Symes Mews | by pH+ Architects

Repurposing a Victorian furniture factory in the London Borough of Camden, pH+ Architects has created a 10,500-sq-ft office that combines the existing building’s architectural heritage with the growing need for creative workspace in the borough.

Symes Mews sits within the Camden Town Conservation Area; an area known for its rich industrial and creative heritage, according to property investor and developer Fabrix, which acquired the building in 2018. The borough has reinvented itself, over the past five years, as a thriving hub for creative businesses. Not only is it home to the third-highest number of businesses in the UK but a large majority (86%) of Camden’s businesses employ fewer than 10 employees. Coupled with a 13.25% increase in new businesses in the past year, the transformation of the 150-year-old derelict building was not only a matter of preservation but of local need. 

“As building owners, environmental impact and social responsibility are key drivers for us,” says Paul Hicks, Investment Manager at Fabrix. “We are always looking for opportunities to reimagine overlooked and underused urban space. The result is a wonderfully light and uplifting space which encourages creativity and collaboration and embraces the unique heritage of the building’s history.”

In need of extensive refurbishment, the two-storey building was stripped back to expose the original architectural features, such as timber trap-door openings, brick walls and timber lintels. pH+ Architects reconfigured the tired, expansive warehouse to create a new layout with five distinctive – but flexible – areas to satisfy a variety of occupiers. Where possible, materials were retained or reused and the introduction of new materials or structural alterations – such as the formation of new internal openings and the creation of light wells – were minimal but essential to the remodelling of the space. Internally, white-painted walls and exposed timber flooring allude to the building’s age, respecting and showcasing its heritage. As such, the workspace feels fresh and modern but remains full of character with bespoke details that are unique to the building.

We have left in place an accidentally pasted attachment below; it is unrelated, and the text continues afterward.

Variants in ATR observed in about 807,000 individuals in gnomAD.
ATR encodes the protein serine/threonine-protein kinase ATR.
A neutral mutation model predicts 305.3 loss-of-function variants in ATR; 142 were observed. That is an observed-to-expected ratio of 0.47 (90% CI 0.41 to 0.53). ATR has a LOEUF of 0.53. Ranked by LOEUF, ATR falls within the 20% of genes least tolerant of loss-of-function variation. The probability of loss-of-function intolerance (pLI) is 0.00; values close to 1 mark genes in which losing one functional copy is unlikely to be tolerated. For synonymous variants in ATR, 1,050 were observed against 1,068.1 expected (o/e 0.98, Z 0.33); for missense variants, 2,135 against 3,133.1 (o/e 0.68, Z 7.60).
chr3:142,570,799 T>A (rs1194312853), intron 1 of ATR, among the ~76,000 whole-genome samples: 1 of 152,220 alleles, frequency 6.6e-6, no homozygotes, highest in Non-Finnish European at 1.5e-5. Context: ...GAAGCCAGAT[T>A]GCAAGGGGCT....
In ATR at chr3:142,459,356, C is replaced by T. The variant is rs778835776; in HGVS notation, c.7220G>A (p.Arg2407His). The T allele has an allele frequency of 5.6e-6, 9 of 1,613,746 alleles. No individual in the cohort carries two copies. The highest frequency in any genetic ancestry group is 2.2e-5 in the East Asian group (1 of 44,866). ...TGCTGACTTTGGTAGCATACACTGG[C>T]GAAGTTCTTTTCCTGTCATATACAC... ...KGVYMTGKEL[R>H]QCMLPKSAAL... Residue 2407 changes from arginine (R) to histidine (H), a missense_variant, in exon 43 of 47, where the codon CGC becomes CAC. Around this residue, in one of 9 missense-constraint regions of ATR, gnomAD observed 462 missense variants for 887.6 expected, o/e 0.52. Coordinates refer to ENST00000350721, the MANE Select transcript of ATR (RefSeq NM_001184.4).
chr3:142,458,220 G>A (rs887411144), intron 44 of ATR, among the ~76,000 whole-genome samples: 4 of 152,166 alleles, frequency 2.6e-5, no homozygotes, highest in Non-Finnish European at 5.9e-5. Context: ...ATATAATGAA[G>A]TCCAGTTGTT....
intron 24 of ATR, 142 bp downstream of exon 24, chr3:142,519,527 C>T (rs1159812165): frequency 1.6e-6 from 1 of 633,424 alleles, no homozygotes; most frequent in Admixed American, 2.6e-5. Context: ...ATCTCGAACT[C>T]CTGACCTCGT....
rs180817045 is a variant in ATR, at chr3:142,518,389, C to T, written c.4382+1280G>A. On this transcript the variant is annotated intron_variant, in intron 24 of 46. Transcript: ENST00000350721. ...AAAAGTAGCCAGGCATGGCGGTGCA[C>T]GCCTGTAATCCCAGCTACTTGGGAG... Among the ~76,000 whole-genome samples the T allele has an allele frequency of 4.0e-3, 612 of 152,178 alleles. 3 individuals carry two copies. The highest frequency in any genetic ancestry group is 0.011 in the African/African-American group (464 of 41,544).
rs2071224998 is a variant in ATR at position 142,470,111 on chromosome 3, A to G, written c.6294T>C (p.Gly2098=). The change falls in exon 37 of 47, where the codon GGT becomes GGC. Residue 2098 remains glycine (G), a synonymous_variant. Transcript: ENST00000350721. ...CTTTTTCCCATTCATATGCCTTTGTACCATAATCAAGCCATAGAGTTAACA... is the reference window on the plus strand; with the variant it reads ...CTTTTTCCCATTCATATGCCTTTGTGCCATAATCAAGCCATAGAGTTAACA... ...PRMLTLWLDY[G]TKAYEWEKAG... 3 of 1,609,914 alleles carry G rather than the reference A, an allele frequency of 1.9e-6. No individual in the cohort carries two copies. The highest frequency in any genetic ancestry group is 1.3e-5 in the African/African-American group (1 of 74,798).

Fabrix describes one of the project’s key elements as “resolving the confused collection of spaces and improving accessibility and wayfinding throughout the building” and design decisions focused on improving the occupier experience of using the space: an extended high-street frontage has been added with a dedicated reception area; an internal courtyard brings light into the interior and provides access to fresh air and green space; and shared lounges bring the building’s users together to create a sense of community.


Photos | Timothy Soar